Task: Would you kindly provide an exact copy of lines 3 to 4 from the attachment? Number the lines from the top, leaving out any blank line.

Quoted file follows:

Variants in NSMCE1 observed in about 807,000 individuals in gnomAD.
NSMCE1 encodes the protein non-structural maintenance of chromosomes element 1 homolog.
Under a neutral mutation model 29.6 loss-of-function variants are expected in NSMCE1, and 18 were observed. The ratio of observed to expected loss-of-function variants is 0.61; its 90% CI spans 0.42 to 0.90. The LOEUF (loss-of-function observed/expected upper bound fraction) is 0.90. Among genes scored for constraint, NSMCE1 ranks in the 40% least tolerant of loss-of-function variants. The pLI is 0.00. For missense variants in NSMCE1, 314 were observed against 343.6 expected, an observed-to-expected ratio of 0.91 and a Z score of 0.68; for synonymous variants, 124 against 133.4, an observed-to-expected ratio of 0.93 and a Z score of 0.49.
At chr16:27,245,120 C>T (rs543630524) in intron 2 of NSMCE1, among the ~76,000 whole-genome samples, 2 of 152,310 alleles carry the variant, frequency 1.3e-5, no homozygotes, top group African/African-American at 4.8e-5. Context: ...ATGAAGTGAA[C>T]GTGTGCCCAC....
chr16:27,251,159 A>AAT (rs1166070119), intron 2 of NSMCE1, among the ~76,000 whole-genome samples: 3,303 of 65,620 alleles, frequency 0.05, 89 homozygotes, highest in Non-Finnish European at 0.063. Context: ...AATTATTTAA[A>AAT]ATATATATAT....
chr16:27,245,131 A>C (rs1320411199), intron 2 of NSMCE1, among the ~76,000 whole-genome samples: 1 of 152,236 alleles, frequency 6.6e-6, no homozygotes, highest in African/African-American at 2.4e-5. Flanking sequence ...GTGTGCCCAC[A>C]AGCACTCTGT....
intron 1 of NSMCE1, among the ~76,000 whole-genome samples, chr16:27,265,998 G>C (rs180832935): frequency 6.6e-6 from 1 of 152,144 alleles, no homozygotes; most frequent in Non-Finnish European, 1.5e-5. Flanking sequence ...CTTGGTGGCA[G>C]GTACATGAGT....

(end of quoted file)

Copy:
Under a neutral mutation model 29.6 loss-of-function variants are expected in NSMCE1, and 18 were observed. The ratio of observed to expected loss-of-function variants is 0.61; its 90% CI spans 0.42 to 0.90. The LOEUF (loss-of-function observed/expected upper bound fraction) is 0.90. Among genes scored for constraint, NSMCE1 ranks in the 40% least tolerant of loss-of-function variants. The pLI is 0.00. For missense variants in NSMCE1, 314 were observed against 343.6 expected, an observed-to-expected ratio of 0.91 and a Z score of 0.68; for synonymous variants, 124 against 133.4, an observed-to-expected ratio of 0.93 and a Z score of 0.49.
At chr16:27,245,120 C>T (rs543630524) in intron 2 of NSMCE1, among the ~76,000 whole-genome samples, 2 of 152,310 alleles carry the variant, frequency 1.3e-5, no homozygotes, top group African/African-American at 4.8e-5. Context: ...ATGAAGTGAA[C>T]GTGTGCCCAC....